Destiny 2 PC Beta Bonanza 2 PC Beta Bonanza

I’m adopting a new moniker – Rob Vicars: Professional Beta Player. In my opinion, betas are where the real experiences lurk. None of this ‘oh we’ve finished the game now’ nonsense – all I want is pure, unadulterated, unfinished, half-working, un-stress-tested bugfests that take 40 minutes to log you into empty servers. I’m joking of course, but I wanted to make a big song and dance out of the fact my entire relationship with Destiny exists exclusively in its betas. So. There it is. (For the record, both have actually been pretty painless.)

You Beta Believe It

I played the first Destiny with a couple of unwitting pals while it was in beta, and while I had a grand old time cooing at how similar the complimentary weapons were to Halo’s ballistic roost, like the implausibly keen and clever observationalist I am, I was told I couldn’t possibly play it alone, so I passed.

I Can’t Believe It’s Not Beta

I struggle to manage my own time well enough to play the relatively small variety of games I actively get around to – having to factor anyone else’s equally atrocious timekeeping into it too just left me wary. Despite this, the idea of jumping in and grinding away for a little while on Destiny’s good-looking planes definitely appealed and I ummed and arred about picking it up for longer than one should um and arr about anything.

So here we are again, a new Destiny, a new beta for me to get organisational anxiety about. I’ve jumped in on PC this time because Different and also it happened to land when I was available, alongside the exact same unwitting pals I did the first Destiny beta with. It’s a funny old game.

For Beta or For Worse

First and foremost, Destiny 2 on the Personal Computer chugs into life absolutely beautifully. I didn’t touch the settings, though I’m running a 1060 and a decent i5 which helps, and it played great from the get-go.

Destiny being a console-only game in its past life means the leap to PC puts an extra emphasis on how light and lithe and cohesive the core mechanics now feel. The first iteration never seemed particularly sluggish to me, but compared to what I played last night, there’ll be a definite rift between the two platforms when this PC version comes out.

It Doesn’t Matter Who’s Wrong or Right Just Beta, Beta, Beta, Beta

It’s predictably pretty, and the glimpse at the alien worlds, fauna, and foe the beta gives you is enough to enchant. During the Strike mission, you land on a planet from No Man’s Sky that’s been giving a H-er D, and it’s arresting and vibrant and fun to just be in.

Some of the environmental touches in this level are stunning as well, with splintered metal columns looking, from a distance, like concept art drawings in their detailing. We ended up playing through that Strike, The Inverted Spire, twice consecutively and both the level design and the nuances of the environment made sure it didn’t get dull.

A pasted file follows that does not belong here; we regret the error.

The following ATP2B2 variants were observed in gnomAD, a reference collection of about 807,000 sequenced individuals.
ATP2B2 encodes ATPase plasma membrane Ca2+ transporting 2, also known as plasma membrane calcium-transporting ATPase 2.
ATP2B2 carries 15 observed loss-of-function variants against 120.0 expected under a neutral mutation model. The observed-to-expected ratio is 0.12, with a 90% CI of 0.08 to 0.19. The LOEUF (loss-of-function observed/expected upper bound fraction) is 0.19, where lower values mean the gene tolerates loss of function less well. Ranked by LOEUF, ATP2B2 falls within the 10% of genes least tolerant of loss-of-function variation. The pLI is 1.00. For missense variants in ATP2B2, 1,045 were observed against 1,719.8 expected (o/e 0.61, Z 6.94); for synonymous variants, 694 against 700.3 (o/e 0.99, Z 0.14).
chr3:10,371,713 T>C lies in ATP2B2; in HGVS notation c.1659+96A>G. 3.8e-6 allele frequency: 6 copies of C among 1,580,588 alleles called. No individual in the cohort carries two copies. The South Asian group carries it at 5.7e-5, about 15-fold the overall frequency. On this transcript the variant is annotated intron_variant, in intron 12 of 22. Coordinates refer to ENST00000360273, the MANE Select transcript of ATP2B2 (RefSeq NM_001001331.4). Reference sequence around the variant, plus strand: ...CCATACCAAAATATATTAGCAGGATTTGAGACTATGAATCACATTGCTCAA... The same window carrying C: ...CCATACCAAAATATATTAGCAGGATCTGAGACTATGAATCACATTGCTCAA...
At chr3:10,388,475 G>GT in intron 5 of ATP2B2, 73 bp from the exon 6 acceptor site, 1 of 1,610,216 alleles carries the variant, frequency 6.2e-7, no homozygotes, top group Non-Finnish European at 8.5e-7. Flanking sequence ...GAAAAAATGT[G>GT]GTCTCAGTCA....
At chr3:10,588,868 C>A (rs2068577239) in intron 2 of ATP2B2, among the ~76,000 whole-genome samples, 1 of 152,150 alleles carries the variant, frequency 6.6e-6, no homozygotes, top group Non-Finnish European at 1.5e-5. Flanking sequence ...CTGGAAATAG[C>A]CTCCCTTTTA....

Beta Luck Next Time

From a gameplay standpoint, and in my helpfully limited experience of the previous game, I can’t see this being a huge departure, or even a departure at all, from anything players will have seen in Destiny or its thirteen thousand 30 quid expansion packs.

Which of course begs the already well-trodden question of why Destiny 2 is even a thing, and not just another aforementioned slab of piping hot DLC.

I’ve Had Beta

Honestly, I’m not ready to bid goodbye to the age of buying games just yet. As we wade ever more diligently toward the murky light of Paying More and Getting Less, through Free to Play and Loot Boxes and DLC and various other blindingly bare-faced moves by publishers to wring the last drop of green juice from every potential paying pound repository, sorry, player, this one doesn’t feel much like you’re being fleeced. After 3 years, it seems like maybe a good lick of paint, an additional platform and the opportunity to give new players the chance to not feel like they’re coming in hot on Season 6, is the right thing to do.

Like Destiny 2 Wouldn’t Melt

I vastly enjoyed blasting through this beta, and with Nathan Fillion’s dulcet tones on a seemingly excellent character taking centre stage in the easy-to-miss narrative, maybe there’ll be more in this one for the people who aren’t over-encumbered in the time department.

More on Respawn soon.

Author Description

Rob Vicars

Rob is a writer, wearing many hats that do not belong to him. When not scribbling ardently for his games blog Respawn in... 5, he pretends to be a musician, a videographer, a game developer and an alright guy.

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